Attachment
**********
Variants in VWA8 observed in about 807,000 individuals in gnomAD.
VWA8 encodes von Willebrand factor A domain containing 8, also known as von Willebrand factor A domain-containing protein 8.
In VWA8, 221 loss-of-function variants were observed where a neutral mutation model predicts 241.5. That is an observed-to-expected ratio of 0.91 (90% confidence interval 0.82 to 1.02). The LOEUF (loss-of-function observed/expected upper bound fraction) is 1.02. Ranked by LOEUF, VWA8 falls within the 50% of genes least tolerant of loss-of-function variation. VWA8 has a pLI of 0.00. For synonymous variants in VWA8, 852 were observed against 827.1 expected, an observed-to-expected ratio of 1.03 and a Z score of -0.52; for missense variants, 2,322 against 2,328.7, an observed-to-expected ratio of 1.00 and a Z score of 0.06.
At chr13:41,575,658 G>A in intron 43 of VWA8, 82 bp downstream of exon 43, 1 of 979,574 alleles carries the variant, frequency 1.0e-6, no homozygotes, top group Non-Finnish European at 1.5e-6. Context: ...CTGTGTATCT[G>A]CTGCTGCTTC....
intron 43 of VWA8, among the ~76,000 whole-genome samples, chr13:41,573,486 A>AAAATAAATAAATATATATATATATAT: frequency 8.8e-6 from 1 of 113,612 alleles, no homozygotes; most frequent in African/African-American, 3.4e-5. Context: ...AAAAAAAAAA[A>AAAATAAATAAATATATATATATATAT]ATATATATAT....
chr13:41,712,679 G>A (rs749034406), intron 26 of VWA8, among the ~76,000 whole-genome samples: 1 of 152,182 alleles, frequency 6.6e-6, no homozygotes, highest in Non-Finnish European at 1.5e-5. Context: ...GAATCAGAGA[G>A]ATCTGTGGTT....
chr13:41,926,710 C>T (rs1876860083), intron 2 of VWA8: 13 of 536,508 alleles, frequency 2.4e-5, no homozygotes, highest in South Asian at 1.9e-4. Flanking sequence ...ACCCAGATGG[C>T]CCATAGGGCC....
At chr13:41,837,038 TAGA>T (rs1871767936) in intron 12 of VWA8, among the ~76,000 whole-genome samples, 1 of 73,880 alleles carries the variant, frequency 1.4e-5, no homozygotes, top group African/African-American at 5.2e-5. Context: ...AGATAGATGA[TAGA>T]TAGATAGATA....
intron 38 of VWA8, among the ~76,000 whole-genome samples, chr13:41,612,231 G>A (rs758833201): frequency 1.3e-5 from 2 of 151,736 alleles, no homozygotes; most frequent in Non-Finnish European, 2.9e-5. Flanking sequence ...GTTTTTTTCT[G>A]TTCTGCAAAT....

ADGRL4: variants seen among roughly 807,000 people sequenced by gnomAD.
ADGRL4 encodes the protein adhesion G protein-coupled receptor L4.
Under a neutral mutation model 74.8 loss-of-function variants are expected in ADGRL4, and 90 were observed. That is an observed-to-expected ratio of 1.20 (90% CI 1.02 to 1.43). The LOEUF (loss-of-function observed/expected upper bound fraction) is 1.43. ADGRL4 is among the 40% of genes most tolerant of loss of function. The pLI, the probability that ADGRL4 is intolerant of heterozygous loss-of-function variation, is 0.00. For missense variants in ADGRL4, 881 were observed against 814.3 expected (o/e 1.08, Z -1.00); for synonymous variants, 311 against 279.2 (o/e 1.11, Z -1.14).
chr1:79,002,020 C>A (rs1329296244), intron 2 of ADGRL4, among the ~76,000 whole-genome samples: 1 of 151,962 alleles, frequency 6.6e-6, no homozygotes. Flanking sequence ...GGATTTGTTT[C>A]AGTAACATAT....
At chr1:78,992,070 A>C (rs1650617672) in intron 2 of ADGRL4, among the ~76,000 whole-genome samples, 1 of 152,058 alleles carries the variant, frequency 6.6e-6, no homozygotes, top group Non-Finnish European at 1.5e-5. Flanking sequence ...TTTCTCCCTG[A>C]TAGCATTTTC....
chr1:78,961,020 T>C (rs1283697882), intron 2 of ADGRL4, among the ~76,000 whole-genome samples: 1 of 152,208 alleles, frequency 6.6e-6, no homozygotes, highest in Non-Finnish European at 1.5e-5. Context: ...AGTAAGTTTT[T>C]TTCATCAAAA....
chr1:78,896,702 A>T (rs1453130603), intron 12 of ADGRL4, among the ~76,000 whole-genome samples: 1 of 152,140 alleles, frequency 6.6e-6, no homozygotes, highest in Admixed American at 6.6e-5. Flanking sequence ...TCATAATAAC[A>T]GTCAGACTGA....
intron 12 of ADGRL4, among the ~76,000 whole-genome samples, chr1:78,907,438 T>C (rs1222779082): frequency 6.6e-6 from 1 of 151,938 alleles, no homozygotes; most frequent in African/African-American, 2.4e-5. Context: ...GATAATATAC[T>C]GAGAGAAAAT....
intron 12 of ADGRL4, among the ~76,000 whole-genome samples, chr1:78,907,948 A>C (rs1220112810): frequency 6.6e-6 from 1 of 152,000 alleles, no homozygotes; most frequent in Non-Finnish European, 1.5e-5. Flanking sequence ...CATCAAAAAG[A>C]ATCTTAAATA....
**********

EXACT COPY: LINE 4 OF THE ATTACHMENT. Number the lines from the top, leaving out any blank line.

At chr13:41,575,658 G>A in intron 43 of VWA8, 82 bp downstream of exon 43, 1 of 979,574 alleles carries the variant, frequency 1.0e-6, no homozygotes, top group Non-Finnish European at 1.5e-6. Context: ...CTGTGTATCT[G>A]CTGCTGCTTC....